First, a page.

The BBC National Short Story Award 2017

Free Sample

There is in the short story, at its most characteristic, something we do not often find in the novel, Frank O’Connor wrote, ‘an intense awareness of human loneliness.’

The stories shortlisted for the BBC National Short Story Award with BookTrust 2017 all feature characters that are disconnected, willingly or unwillingly, from those around them: a mysterious out-of-towner is shunned by her new colleagues; a grieving husband retreats into his old compulsion for hoarding; a promising academic risks his career for a casual liaison with a younger man. And whether we follow the characters’ need to be alone – like the fisherman drifting dangerously far from shore – or trace it back to its root – like the daughter burying her violent father – what we find there is always unexpected.

Jenni Fagan, Benjamin Markovits and Helen Oyeyemi, three of Granta’s recent ‘20 under 40’, are joined by critic and novelist, Will Eaves and Wales Book of the Year Fiction Prize winner, Cynan Jones on the 2017 shortlist.

This year’s shortlist was selected by authors Eimear McBride, Jon McGregor and Sunjeev Sahota, as well as BBC Radio’s Di Speirs and acclaimed novelist Joanna Trollope who chaired the panel and introduces the collection.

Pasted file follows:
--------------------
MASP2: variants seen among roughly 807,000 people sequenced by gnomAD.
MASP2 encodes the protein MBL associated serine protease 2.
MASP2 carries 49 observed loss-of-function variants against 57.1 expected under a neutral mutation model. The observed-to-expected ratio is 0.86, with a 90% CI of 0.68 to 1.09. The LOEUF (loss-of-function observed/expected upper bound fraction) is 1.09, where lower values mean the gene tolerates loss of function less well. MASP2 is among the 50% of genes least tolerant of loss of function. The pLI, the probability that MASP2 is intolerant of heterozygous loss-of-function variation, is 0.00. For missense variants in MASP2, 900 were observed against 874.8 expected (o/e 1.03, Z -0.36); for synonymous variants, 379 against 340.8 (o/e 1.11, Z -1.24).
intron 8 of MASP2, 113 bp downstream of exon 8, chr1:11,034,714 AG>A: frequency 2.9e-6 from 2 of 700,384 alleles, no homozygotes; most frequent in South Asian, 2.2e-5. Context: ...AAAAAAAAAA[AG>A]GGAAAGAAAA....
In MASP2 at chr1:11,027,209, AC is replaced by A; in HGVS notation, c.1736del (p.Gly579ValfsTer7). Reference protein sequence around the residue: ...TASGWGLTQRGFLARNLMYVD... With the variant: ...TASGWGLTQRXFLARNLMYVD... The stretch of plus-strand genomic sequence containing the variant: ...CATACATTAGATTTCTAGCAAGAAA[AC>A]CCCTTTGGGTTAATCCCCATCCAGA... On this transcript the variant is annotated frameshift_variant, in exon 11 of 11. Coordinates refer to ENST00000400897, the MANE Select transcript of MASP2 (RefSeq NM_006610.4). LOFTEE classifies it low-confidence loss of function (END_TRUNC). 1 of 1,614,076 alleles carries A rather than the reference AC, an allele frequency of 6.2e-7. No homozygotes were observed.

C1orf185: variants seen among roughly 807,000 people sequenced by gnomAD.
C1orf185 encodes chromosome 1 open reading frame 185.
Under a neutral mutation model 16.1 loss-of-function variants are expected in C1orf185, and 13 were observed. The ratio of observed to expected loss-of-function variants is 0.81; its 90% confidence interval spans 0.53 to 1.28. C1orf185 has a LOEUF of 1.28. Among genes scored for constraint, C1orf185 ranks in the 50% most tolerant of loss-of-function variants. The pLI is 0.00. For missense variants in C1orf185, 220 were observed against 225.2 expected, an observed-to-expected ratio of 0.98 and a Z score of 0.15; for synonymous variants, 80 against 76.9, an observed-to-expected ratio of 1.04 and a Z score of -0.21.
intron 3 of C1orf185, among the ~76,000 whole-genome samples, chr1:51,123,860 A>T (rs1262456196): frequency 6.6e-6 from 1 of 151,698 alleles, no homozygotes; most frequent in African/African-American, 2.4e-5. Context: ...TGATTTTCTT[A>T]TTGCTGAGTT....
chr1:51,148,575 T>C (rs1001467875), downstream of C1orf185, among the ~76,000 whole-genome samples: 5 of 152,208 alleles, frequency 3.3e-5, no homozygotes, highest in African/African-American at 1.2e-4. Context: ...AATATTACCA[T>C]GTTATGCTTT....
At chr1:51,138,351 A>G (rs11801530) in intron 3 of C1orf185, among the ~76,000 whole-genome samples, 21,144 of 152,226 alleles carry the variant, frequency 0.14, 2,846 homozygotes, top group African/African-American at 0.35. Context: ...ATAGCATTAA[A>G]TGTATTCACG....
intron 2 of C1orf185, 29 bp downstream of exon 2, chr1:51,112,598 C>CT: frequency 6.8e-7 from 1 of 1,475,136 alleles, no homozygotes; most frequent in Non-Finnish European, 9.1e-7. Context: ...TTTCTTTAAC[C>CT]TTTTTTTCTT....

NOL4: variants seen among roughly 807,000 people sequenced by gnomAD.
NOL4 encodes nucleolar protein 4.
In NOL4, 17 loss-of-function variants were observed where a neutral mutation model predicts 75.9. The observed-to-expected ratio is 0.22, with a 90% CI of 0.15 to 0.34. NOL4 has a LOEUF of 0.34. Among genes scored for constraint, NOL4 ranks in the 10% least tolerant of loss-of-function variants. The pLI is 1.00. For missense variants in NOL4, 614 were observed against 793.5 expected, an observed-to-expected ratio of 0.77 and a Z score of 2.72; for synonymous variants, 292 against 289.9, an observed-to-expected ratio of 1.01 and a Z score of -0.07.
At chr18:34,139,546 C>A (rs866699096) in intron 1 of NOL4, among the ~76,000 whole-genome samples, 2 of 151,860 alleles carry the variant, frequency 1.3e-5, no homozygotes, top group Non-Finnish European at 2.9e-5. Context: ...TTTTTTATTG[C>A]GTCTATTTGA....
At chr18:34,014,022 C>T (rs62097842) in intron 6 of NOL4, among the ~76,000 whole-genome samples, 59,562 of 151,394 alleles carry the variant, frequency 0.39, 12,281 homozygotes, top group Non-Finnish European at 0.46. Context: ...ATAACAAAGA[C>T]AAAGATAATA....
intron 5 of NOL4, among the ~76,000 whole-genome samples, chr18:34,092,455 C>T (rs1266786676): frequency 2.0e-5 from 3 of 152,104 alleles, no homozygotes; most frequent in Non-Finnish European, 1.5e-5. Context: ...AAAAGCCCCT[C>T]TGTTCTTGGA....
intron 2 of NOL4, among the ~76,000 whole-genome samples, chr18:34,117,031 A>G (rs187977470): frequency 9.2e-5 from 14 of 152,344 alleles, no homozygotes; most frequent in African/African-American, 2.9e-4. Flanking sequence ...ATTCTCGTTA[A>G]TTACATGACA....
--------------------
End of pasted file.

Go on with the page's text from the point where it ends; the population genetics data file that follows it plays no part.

Read more

About the author

Will Eaves was born in Bath in 1967 and educated at Beechen Cliff Comprehensive and King’s College, Cambridge. He worked for twenty years as a journalist and was the Arts Editor of the Times Literary Supplement from 1995 to 2011. He teaches in the Writing Programme at the University of Warwick. He is the author of four novels: The Oversight (Picador, 2001; shortlisted for the Whitbread – now Costa – First Novel Award), Nothing To Be Afraid Of (Picador, 2005; shortlisted for the Encore Award), This Is Paradise (Picador, 2012), and The Absent Therapist (CB Editions, 2014; shortlisted for the Goldsmiths Prize); and two collections of poetry: Sound Houses (Carcanet, 2011) and The Inevitable Gift Shop (CB Editions, 2016; shortlisted for the Ted Hughes Award for New Work in Poetry).